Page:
Colin and Christine Button, a well-known couple in the area were struck by Colin’s unexpected cancer diagnosis last year, changing their lives forever.

Inspired by the incredible work Macmillan do to support individuals and families through the earth-shattering diagnosis of cancer, Christine will be holding a Coffee Morning, on Wednesday 27th September at Norton Down, in aid of the charity who have been incredibly supportive throughout the couple’s experience.

Colin Button, much-loved and dedicated reader of The Journal, was diagnosed with prostate cancer last September, during which he was volunteering at the Somerset & Dorset Railway Heritage Trust, which has been a huge part of his life, after attending the doctors with shoulder pain complaints. Following back and forth doctor appointments and wrong-diagnosis of muscular pains, Colin went back to the doctors weeks later with unbearable back pain.

After a quick turn around of tests, Colin was called later that evening to be told he had an extreme amount of cancer cells in his prostate and needed to come in for more tests, which later showed the cancer had spread to his spine, shoulder and bones… three days later, Colin was paralysed from the waist down and is now bed-bound, residing at Clare Hall Nursing Home, a place that Christine cannot speak about highly enough.

Christine, who has been by Colin’s side throughout his cancer journey, wants to create more awareness around diagnosis and the importance of getting checked. Whilst being aware that a huge stigma surrounds prostate discussions, Colin’s story shows just how important it is to listen to your body and check in with your doctors.

Prostate is a silent cancer, with rarely any symptoms, where 1 in 8 men are affected. Prostate cancer can develop when cells in the prostate start to grow in an uncontrolled way, with some forms growing quickly and therefore more likely to spread throughout the body, much like Colin’s has. Prostate Cancer UK’s website advises if you are over 50, or you are black, or your dad or brother had it, you are at even higher risk so the importance of getting checked and listening to your body is second to none when it comes to this life-bearing cancer.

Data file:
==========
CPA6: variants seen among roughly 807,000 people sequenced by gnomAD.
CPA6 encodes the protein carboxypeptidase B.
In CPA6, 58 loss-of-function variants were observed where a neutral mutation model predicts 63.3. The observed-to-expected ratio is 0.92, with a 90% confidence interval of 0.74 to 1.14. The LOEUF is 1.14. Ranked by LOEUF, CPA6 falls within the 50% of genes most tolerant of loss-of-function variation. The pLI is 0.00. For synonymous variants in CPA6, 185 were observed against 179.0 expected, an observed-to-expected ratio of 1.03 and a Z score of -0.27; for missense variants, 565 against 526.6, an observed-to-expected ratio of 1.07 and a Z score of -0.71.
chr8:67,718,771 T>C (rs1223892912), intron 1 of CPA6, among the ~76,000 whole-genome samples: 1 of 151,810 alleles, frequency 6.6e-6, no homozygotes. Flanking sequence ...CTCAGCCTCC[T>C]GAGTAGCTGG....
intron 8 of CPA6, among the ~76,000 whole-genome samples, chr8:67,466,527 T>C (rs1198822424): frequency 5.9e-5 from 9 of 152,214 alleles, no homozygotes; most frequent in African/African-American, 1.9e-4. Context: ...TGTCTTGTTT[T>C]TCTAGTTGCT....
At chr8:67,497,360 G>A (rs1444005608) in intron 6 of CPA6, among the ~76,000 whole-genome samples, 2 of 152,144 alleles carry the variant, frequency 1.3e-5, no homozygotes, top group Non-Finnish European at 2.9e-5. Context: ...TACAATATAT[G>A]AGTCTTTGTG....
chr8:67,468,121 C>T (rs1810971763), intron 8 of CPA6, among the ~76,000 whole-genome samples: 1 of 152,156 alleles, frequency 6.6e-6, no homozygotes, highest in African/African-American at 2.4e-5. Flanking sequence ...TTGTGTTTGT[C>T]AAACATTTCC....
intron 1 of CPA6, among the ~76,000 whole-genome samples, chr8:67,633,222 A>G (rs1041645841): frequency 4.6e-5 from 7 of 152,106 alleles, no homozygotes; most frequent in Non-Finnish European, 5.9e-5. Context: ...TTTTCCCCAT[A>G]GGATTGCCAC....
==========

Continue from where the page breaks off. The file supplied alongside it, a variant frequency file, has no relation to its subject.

Speaking to The 
Journal, Christine said: “Colin is currently on a trial, which has reduced the prostate cancer cells down, and helped to steady his symptoms, although he will still continue to be paralysed due to the spread of cells throughout his body.

“Having not been expected to survive long after the diagnosis, a year on, Colin is still with us, which I believe is down to the trial, but mainly his wicked sense of humour and positive approach to life.

“Macmillan, who have been supporting us since day one, are amazing. I kept on saying to them I don’t know what I would have done without them. So I am holding this Coffee Morning because I want to support them as they have supported Colin and I.

“As I go to Church and play the organ at Norton Down, I asked the Church if I could hold the fundraiser Coffee Morning there to bring in more people and hold it in within our community, the place that has been supporting us from the start.”

To support Christine’s Macmillan Cancer Support fundraiser, visit Norton Down Chapel on Wednesday, 27th September, 10:30am-12noon.

If you or your loved one are concerned about prostate cancer or a prostate problem, or you would like to learn more/find support, visit: